Once the calcite “seeds” form, they trigger the molecules around them to self-assemble into cubes, spheres and other shapes that are orders of magnitude larger. These can pack more tightly together in concrete than amorphous particles. Carefully modulating the precursor concentration, temperature and duration of the reaction varies the yield, size and morphology of the final particles.

The discovery is an important step in concrete research, building upon work of the Massachusetts Institute of Technology team that decoded cement’s molecular “DNA” in 2009, Shahsavari affirms. “There is currently no control over C-S-H shape,” he adds. “The concrete used today is an amorphous colloid with significant porosity that entails reduced strength and durability.”

Concrete is one focus of the Rice lab, which has studied both its macroscale manufacture and intrinsic nanoscale properties. Because concrete is the world’s most common construction material and a source of atmospheric carbon dioxide, university staff are convinced of the importance of developing a “greener” matrix.


Rice University materials scientists have mapped the morphogenesis of cement hydrates used in concrete. Their work could lead to finer control of the microscopic shape of cement particles for the manufacture of stronger, more durable concrete. ILLUSTRATION: Rice University Multiscale Materials Laboratory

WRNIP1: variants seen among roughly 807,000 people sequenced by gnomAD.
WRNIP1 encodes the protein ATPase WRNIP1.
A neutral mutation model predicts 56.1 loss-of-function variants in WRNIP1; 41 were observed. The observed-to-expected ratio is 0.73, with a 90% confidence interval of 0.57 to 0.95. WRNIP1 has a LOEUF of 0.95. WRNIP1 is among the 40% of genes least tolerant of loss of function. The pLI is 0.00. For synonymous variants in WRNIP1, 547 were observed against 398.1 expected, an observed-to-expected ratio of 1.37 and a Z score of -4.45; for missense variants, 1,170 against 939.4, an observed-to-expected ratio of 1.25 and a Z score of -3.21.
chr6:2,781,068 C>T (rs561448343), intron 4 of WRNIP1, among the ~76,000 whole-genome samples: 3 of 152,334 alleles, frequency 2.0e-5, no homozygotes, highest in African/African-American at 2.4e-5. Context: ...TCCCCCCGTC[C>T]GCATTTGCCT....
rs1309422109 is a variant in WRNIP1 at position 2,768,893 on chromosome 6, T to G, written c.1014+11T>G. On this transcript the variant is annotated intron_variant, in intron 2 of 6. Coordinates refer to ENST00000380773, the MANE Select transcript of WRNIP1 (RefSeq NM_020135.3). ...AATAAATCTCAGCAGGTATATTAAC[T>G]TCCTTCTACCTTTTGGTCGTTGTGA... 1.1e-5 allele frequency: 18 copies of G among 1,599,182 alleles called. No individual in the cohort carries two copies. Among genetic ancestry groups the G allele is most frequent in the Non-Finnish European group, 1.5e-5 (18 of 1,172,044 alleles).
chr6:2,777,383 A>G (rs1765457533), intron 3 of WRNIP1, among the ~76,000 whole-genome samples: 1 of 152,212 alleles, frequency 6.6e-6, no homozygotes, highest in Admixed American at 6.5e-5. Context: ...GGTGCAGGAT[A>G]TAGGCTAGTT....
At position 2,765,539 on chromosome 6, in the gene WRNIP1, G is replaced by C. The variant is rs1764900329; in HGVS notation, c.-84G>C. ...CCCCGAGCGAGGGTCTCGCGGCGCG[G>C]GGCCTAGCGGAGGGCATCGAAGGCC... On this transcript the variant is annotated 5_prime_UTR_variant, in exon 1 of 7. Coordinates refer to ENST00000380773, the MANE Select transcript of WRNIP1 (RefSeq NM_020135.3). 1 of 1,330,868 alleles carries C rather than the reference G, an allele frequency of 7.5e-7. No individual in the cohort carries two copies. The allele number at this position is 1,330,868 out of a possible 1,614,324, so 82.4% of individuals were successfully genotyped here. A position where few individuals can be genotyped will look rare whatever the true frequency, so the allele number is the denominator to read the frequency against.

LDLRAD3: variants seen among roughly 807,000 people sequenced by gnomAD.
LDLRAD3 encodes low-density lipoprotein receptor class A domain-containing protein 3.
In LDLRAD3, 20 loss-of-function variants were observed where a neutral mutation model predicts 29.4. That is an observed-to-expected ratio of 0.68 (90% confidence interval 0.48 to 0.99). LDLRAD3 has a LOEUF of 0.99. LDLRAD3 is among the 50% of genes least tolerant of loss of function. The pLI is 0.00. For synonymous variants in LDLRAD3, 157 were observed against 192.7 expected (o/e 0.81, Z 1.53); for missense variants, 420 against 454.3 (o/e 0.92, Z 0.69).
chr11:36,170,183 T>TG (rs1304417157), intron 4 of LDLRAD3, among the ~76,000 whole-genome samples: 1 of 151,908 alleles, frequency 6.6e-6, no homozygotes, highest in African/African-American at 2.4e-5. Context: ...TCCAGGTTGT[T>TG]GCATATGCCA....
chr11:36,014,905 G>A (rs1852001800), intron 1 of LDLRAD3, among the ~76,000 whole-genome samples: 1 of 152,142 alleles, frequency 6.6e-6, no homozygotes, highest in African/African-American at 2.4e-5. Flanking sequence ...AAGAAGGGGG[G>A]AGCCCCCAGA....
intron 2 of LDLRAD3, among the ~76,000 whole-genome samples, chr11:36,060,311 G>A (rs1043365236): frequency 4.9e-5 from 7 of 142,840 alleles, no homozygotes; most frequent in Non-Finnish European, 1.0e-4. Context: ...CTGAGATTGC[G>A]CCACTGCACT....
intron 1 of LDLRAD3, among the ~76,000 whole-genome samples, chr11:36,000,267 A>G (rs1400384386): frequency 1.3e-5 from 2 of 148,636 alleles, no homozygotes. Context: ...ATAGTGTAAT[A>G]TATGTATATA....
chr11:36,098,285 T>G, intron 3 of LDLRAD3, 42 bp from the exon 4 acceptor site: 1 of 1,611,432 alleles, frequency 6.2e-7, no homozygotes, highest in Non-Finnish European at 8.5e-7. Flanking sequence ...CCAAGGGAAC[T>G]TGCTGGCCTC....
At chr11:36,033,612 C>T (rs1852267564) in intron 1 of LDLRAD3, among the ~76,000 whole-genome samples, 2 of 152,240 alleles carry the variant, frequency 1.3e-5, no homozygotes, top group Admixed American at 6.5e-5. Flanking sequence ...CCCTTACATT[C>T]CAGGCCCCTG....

The new technique has several environmental benefits, says Shahsavari: “One is that you need less of it (the concrete) because it is stronger. This stems from better packing of the cubic particles, which leads to stronger microstructures. The other is that it will be more durable. Less porosity makes it harder for unwanted chemicals to find a path through the concrete, so it does a better job of protecting steel reinforcement inside.”

The research required the team to develop a method to test microscopic concrete particles for strength. Researchers used a diamond-tipped nanoindenter to crush single cement particles with a flat edge. They programmed the indenter to move from one nanoparticle to the next and crush it and gathered mechanical data on hundreds of particles of various shapes in one run.

“Other research groups have tested bulk cement and concrete, but [none] had ever probed the mechanics of single C-S-H particles and the effect of shape on mechanics of individual particles,” says Shahsavari. Strategies developed during the project could have implications for other applications, he adds, including bone tissue engineering, drug delivery and refractory materials, and could impact such other complex systems as ceramics and colloids.

Joining Rouzbeh Shahsavari on the research team and as Journal of Materials Chemistry paper co-authors are Professor of Chemisty Kenton Whitmire; Rice postdoctoral researcher Sakineh Moghadda; graduate students Sung Hoon Hwang and Shuo Zhao; postdoctoral researcher Sreeprasad Srinavasan; undergraduate Benhang Shi; Aali Alizadeh, Vahid Hejazi and Joseph Miller of C-Crete Technologies in Houston; and, Irene Rusakova, a senior research scientist at the University of Houston.


CSHub researchers calculated cracking risk over time following a temperature change. The process is time-dependent because heat takes time to diffuse. Each line represents a pavement with a different thermal diffusion coefficient (a measure of how effectively the pavement is able to conduct heat). The temperature profile is expected to eventually be the same for all systems (represented by the dashed line), but intermediate values differ due to the difference in heat transfer.